6. Power Add velcro strips to the charging pad and the top of the Polycase. Now you can keep your board vertical in a board rack and slap the charger on it.

    I didn’t add an external power switch of any kind. The PiSugar S has a feature where it switches off when the battery gets down to 3V, and switches back on when the battery is charged to 3.6V. It seems to run for 5h or so on a charge (careful test pending). So, my system is generally to attach the charger to it the night before and let it run all day until the low-voltage disconnect turns it off. The PiSugar also has a feature where attaching power should turn on the Pi even if it was shutdown normally with high battery voltage. To enable both of these auto-turn-on behaviors, there’s a confusingly labelled switch, labelled AUTO on one side and ON on the other. The switch should be set on the ON side to enable the automatic behaviors.

Does this ruin the surfboard?

I was concerned about compromising the watertightness of my board. Somewhere on the internet I read a heretic view that foamies don’t get waterlogged, which sure would be nice, wouldn’t it? I figured I’d try a test. I weighed the foam cylinder I cut on scale that measures to the gram (unfortunately I don’t have anything better hand) and got 3g. I soaked it in water under a weight for a couple of days and it still weighed 3g. Note that this is fresh water, not salt water, and I suspect the repeated compression of surfing on it is what actually drives water into the foam, and I didn’t test that.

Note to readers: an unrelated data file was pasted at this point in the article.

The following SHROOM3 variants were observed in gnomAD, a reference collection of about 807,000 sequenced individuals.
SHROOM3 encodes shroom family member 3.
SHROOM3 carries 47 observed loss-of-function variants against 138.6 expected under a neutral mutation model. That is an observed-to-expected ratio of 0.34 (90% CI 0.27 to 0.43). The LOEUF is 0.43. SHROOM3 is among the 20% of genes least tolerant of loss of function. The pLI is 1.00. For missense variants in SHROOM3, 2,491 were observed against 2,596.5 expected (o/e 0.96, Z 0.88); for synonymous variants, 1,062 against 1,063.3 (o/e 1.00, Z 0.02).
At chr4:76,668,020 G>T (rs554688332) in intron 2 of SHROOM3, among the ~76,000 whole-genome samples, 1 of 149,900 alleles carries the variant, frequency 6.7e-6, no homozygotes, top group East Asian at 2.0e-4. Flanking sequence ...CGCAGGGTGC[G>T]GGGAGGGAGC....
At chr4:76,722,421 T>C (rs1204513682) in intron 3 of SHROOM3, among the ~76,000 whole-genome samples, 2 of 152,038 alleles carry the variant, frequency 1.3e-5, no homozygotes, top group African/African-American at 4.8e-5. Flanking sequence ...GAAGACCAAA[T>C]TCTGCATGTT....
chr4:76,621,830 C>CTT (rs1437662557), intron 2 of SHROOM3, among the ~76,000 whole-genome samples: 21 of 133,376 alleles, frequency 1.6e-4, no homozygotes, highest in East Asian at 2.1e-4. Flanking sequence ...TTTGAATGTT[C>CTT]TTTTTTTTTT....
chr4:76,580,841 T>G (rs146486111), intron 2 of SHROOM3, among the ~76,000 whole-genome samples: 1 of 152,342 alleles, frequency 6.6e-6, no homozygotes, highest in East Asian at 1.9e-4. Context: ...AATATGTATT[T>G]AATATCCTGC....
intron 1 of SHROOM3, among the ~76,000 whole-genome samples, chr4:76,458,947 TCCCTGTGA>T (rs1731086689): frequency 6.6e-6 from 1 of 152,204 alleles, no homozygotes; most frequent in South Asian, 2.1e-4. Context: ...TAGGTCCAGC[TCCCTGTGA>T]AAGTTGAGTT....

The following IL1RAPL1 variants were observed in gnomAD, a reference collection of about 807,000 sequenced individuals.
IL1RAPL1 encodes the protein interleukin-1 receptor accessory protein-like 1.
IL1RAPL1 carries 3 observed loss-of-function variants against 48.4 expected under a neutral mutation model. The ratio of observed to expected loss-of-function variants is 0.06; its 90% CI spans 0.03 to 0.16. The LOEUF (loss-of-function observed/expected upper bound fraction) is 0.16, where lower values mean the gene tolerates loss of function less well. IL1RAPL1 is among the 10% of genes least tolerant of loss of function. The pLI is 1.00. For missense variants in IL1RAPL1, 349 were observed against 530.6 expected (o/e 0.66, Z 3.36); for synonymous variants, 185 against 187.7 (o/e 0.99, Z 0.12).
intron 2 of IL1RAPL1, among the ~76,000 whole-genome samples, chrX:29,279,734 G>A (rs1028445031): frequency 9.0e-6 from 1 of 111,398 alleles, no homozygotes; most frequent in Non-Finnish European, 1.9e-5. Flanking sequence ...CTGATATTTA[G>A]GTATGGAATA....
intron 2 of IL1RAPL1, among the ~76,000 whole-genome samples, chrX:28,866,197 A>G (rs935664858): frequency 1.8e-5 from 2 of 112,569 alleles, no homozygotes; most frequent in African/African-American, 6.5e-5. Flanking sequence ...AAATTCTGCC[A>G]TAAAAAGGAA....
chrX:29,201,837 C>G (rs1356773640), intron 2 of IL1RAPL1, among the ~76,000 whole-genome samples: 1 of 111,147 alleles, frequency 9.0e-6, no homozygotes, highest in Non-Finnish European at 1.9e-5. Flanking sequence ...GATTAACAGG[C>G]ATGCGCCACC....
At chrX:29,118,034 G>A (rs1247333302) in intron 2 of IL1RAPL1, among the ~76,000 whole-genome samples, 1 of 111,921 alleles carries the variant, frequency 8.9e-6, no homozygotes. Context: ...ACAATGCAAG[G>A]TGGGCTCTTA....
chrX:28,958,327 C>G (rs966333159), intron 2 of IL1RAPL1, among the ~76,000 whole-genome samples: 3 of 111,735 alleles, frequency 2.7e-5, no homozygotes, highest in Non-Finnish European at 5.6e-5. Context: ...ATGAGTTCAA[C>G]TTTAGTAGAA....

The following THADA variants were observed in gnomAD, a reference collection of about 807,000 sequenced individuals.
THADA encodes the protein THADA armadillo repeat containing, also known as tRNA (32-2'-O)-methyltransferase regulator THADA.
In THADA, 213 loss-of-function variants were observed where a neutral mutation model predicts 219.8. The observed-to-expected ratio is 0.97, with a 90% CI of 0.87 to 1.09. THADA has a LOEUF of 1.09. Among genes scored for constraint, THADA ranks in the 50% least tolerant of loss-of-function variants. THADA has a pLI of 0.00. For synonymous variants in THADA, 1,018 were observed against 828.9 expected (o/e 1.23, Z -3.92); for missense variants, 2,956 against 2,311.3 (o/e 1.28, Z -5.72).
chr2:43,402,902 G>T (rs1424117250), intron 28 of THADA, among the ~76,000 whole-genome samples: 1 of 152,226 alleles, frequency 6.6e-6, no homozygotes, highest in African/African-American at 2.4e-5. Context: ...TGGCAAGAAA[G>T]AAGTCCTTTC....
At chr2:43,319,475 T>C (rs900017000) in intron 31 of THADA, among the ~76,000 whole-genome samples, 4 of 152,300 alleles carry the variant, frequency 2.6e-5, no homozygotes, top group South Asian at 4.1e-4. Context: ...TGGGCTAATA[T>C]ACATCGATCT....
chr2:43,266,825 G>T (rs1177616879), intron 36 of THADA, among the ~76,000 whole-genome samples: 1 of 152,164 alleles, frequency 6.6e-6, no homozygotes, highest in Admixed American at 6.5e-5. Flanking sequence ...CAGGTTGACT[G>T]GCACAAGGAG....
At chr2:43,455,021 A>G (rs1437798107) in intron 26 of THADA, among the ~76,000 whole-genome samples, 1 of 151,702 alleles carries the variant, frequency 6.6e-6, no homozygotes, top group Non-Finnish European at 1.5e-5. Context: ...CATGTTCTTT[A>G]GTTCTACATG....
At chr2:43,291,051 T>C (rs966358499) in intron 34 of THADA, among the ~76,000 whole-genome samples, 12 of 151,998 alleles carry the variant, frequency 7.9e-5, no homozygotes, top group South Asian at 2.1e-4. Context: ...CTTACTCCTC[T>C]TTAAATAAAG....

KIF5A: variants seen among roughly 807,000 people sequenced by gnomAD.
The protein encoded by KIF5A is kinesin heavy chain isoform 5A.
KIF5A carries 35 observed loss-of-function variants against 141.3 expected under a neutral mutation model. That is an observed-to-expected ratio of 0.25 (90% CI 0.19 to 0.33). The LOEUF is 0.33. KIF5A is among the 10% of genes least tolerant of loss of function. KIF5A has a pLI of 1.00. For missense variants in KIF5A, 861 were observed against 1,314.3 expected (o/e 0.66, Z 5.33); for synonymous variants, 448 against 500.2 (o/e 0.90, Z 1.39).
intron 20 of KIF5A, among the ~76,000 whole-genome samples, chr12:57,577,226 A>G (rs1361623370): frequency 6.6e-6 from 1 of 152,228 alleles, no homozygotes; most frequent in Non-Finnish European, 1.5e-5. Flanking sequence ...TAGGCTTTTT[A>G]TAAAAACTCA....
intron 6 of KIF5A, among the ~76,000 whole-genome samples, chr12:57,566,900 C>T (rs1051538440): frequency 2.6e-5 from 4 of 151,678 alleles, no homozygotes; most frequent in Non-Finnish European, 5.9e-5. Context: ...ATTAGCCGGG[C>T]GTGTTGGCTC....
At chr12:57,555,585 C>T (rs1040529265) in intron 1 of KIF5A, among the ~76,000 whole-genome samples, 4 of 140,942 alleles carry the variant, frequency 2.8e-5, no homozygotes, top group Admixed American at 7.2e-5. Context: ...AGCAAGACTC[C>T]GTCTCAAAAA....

Does it work?

I’ve taken it out for one test surf and the numbers were very reasonable once I got well past the break. I paddled out to see and watched the depth tick up about 2.4m to 3.2m, reading 100% confidence most of the time. However, closer to shore, near the breaking waves, I was getting nonsense readings and low confidence. I suspect this is due to bubbles (thanks to mannykannot and orforforof on HN for this insight). I need to look at the full waveform data to figure out if I can get good numbers in the surf zone. In the interactive plot below, you can see the two periods where I sat waiting outside. The surf was too good to collect more data than that!